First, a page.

I’ve activated audit log to trace some strange behaviors of our stack, but analyze it by hand is a really hard stuff.
Mainly I’d like to follow the flow execution, start, finish progression using contexts (root,parent,current) but as-of-now I’ve to do tracing lines on a paper sheet…
Is there some tool to do this (And something more, too)? I know Monitor and portal could help me in this task, but we do not have them installed, and our logging is on filesystem, not on a database (yet).
Thanks in advance for your help,
I’ve only ever looked at the context items in the session logs. There is a way to tie them together once you know how each field is used. I tried to build a reporting mechanism around this. I stopped just short of going insane… although some people would disagree with that.
We typically use the auditing so we can review the data in Monitor. It also allows us to resubmit if we need to. I suppose you could have a writePipelineTo File step in the service so that you could later step through the flow service with the actual data.
Why don’t you start a thread on exactly what you’re seeing and see if anyone can advise you on that.
I’m stuck in a strange concurrency issue: we fire in different thread come processes, and they callback to a single re-entrant service (let’s call it RS). RS checks if subprocesses had problems, and if none it execute another step.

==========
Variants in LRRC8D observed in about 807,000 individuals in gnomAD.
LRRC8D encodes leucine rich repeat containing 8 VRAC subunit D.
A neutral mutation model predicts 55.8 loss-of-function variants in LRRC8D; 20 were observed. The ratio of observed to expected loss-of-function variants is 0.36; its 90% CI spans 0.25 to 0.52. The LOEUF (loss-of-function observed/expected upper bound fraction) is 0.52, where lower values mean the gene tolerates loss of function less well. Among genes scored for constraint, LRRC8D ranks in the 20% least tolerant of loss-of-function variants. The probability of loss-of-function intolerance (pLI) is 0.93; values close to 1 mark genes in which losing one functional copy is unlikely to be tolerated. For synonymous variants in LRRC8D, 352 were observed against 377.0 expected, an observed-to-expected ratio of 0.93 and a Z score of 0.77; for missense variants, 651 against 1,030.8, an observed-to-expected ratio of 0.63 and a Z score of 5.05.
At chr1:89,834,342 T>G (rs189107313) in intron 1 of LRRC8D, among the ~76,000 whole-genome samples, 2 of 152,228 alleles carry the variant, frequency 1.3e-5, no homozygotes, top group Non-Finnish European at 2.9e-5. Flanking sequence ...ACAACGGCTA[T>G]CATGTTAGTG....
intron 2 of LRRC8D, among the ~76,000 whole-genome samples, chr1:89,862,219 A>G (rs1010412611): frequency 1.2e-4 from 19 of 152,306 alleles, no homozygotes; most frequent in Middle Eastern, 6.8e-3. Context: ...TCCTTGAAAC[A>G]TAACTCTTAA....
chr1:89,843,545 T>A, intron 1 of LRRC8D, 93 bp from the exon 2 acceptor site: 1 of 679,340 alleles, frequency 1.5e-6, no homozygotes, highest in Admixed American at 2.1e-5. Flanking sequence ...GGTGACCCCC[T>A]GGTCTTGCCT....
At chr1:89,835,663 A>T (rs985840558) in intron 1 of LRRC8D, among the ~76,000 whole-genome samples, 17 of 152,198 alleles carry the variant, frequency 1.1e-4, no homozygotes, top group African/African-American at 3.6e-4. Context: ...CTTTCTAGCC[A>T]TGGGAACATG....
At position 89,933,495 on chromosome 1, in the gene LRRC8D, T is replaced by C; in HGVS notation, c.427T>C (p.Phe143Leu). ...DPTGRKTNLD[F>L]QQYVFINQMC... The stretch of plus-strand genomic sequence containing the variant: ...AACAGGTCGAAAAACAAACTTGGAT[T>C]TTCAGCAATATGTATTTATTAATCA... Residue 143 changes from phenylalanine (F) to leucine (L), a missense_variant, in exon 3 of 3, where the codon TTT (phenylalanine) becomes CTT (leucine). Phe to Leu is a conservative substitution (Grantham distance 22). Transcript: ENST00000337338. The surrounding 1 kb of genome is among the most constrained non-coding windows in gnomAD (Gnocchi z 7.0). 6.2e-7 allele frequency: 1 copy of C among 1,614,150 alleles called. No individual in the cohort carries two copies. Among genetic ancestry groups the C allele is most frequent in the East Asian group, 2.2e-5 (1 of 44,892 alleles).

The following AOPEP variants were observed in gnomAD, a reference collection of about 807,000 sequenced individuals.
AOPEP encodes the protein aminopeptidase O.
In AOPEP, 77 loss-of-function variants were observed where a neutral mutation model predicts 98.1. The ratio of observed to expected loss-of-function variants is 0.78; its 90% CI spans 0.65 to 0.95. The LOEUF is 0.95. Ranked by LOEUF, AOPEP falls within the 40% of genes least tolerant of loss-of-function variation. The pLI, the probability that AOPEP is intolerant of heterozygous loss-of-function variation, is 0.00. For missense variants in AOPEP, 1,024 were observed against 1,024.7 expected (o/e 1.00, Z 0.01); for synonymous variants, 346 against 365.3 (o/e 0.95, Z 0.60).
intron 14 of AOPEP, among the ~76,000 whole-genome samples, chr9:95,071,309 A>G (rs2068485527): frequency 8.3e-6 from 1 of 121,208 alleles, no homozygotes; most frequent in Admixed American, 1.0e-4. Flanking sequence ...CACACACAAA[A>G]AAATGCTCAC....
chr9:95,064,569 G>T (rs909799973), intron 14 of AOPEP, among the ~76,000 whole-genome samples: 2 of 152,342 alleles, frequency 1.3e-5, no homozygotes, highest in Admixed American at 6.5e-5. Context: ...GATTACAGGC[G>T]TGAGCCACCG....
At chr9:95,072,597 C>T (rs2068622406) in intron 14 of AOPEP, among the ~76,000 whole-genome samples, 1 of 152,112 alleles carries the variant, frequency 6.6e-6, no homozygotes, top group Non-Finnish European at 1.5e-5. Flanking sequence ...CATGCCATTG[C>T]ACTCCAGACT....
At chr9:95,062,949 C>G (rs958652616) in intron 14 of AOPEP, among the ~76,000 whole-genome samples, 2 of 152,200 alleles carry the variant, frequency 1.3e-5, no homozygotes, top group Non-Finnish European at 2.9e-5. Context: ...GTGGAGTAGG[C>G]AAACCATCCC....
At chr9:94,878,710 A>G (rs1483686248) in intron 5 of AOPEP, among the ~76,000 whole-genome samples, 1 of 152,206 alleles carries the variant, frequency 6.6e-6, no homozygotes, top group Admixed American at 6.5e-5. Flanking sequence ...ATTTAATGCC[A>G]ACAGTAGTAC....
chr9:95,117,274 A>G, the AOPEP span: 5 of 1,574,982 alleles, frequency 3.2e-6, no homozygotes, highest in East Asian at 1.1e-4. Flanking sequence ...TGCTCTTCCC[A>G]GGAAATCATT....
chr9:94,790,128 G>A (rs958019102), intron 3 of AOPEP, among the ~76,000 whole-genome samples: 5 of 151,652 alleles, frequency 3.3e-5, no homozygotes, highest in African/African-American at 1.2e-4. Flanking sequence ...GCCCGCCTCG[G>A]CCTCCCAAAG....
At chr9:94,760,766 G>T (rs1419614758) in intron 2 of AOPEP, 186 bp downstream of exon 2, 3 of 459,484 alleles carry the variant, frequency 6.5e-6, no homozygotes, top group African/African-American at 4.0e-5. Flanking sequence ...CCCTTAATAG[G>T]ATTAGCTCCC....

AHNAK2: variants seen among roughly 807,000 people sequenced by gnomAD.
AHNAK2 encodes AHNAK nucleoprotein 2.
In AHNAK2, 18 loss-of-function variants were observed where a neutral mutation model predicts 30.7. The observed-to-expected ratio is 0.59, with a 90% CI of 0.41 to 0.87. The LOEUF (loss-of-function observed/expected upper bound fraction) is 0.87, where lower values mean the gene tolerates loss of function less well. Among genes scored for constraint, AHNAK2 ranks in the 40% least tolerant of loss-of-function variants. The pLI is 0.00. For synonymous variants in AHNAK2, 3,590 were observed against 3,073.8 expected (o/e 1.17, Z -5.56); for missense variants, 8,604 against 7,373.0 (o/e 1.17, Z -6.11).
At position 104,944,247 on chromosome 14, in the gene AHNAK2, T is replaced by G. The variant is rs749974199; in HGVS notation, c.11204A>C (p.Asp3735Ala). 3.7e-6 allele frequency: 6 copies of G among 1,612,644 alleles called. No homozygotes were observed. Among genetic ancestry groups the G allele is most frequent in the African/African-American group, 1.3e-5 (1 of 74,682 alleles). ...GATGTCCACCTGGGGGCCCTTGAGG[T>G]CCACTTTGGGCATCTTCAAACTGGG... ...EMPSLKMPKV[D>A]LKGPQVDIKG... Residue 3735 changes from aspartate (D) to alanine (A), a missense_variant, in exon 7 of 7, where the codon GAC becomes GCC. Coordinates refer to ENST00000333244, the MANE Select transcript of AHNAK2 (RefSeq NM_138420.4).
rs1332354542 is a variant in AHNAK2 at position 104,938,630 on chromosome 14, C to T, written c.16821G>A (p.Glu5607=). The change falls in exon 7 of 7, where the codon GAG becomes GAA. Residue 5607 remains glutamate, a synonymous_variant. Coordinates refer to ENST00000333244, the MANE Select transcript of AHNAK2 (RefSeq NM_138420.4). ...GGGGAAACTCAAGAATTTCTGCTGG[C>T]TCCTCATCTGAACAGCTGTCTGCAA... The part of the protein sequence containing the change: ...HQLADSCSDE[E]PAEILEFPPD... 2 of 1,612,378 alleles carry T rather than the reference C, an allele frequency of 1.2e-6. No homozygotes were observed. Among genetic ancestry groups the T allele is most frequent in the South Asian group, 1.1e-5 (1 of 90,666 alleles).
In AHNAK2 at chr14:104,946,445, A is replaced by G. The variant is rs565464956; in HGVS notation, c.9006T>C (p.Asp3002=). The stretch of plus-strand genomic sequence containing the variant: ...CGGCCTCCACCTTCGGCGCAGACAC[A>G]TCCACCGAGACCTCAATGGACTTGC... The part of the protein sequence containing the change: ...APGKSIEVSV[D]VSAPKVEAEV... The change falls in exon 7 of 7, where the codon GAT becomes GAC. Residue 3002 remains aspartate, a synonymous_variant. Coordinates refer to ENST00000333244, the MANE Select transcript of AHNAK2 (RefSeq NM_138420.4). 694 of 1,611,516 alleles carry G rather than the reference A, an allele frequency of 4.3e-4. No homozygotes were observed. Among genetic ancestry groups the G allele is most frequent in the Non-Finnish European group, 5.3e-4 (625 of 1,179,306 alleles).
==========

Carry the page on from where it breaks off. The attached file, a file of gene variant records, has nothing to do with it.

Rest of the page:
Sometimes, RS checks subprocesses and identify an error never happen! Since the subproc status is written in a database, I think there is a timing issue in write result & RS check.
Thus, using audit log (to trace services execution) could help me in identify the error. Sadly, read “by-hand” audit log is a pain… So, a helping tool would help.
We do not have monitor (at least now).
If the db table you are using is a custom item, you may want to setup a three-state check. At the start of each sub process, they good from initial (maybe ‘norun’) to a wait (maybed ‘pending’) to a final (maybe ‘success’ or ‘fail’). that way the callback knows to keep waiting and sleep for all values to join to a final state. You could also build a polling application that could allow you to see this and tell which process are taking longer to change state. Good day.
indeed we trace as you say the services execution. The issue is that (I suppose) the final state of some subprocesses is written after the check of called-back service. I simply don’t know how it’s possibile, since first the state is written, then the subprocess is marked as “closed” then the callback service is invoked.
It’s for that reason I’d like to have analyze audit log, to find the concurrent issue.